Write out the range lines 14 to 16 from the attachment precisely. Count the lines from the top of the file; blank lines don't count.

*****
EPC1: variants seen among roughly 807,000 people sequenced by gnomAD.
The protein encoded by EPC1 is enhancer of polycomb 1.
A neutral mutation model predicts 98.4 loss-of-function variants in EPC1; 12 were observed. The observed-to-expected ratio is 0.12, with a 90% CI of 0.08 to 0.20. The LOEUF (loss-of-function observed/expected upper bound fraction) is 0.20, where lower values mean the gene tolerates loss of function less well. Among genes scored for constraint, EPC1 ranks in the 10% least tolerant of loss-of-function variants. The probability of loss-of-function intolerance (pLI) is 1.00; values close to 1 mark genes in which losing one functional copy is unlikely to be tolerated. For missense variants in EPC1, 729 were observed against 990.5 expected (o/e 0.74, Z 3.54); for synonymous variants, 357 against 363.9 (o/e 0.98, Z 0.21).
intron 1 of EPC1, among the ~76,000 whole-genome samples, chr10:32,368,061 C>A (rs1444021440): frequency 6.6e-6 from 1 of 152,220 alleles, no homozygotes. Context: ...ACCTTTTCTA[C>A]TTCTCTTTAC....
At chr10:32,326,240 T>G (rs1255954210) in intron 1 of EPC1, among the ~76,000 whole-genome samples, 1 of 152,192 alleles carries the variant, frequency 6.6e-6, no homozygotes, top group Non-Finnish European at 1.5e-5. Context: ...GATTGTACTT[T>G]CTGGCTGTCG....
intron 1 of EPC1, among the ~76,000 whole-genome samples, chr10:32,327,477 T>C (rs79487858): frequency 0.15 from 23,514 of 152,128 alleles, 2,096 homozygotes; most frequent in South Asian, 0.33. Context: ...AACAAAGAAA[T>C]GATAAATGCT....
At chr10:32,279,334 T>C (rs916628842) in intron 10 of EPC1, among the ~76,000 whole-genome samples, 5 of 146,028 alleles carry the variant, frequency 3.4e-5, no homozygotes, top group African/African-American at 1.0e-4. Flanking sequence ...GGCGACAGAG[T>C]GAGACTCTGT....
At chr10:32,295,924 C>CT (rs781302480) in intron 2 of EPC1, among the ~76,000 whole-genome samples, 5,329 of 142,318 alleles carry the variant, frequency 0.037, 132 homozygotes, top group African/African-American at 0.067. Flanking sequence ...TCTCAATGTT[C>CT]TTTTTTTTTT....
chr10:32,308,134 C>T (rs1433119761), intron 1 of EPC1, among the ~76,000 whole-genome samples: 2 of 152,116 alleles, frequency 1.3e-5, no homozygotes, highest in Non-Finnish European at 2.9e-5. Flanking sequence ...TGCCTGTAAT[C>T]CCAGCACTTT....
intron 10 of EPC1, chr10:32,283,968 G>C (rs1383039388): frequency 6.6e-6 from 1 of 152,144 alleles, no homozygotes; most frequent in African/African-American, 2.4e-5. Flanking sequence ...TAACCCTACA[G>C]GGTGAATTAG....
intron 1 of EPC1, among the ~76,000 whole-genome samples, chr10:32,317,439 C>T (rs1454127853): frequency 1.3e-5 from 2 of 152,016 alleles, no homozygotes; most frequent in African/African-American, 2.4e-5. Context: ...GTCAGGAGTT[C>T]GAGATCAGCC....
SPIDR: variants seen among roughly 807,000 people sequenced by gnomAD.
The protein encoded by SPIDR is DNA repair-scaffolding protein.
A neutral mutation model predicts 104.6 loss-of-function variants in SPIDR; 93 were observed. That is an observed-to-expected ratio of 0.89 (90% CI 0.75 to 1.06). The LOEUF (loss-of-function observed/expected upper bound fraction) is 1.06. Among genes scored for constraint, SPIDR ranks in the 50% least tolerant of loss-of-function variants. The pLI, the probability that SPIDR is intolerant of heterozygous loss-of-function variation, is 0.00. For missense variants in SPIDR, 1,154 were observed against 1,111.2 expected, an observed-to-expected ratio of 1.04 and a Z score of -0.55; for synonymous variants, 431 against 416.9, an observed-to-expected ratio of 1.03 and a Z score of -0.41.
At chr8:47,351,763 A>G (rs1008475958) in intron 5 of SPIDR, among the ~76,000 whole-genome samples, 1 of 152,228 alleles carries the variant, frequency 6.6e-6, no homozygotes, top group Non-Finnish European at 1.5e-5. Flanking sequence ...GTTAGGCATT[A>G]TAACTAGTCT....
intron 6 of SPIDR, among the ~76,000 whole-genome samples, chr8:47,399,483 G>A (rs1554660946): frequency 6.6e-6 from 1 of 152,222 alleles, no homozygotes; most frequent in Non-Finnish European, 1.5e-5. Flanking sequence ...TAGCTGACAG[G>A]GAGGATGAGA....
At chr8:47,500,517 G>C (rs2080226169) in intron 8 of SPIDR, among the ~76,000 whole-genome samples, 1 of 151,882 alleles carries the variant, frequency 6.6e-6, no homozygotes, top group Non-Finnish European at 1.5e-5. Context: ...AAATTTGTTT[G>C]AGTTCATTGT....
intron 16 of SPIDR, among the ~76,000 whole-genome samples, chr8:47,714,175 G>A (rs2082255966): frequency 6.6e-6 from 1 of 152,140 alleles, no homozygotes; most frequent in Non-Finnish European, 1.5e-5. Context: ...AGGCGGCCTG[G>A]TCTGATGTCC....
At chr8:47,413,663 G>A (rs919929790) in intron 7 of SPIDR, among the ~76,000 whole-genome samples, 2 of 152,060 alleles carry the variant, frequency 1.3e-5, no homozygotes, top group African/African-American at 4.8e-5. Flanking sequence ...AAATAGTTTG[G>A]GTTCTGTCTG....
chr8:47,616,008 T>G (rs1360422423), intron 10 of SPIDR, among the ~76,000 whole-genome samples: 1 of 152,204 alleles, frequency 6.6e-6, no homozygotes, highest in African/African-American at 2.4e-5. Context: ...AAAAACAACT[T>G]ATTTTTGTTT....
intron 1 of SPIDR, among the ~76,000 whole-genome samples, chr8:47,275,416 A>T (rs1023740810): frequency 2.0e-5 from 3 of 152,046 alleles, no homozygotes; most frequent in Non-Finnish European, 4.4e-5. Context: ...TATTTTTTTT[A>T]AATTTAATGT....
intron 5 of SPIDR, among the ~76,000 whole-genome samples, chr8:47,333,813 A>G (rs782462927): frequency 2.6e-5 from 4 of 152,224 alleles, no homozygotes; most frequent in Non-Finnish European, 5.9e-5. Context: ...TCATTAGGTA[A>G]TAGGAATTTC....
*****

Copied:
A neutral mutation model predicts 104.6 loss-of-function variants in SPIDR; 93 were observed. That is an observed-to-expected ratio of 0.89 (90% CI 0.75 to 1.06). The LOEUF (loss-of-function observed/expected upper bound fraction) is 1.06. Among genes scored for constraint, SPIDR ranks in the 50% least tolerant of loss-of-function variants. The pLI, the probability that SPIDR is intolerant of heterozygous loss-of-function variation, is 0.00. For missense variants in SPIDR, 1,154 were observed against 1,111.2 expected, an observed-to-expected ratio of 1.04 and a Z score of -0.55; for synonymous variants, 431 against 416.9, an observed-to-expected ratio of 1.03 and a Z score of -0.41.
At chr8:47,351,763 A>G (rs1008475958) in intron 5 of SPIDR, among the ~76,000 whole-genome samples, 1 of 152,228 alleles carries the variant, frequency 6.6e-6, no homozygotes, top group Non-Finnish European at 1.5e-5. Flanking sequence ...GTTAGGCATT[A>G]TAACTAGTCT....
intron 6 of SPIDR, among the ~76,000 whole-genome samples, chr8:47,399,483 G>A (rs1554660946): frequency 6.6e-6 from 1 of 152,222 alleles, no homozygotes; most frequent in Non-Finnish European, 1.5e-5. Flanking sequence ...TAGCTGACAG[G>A]GAGGATGAGA....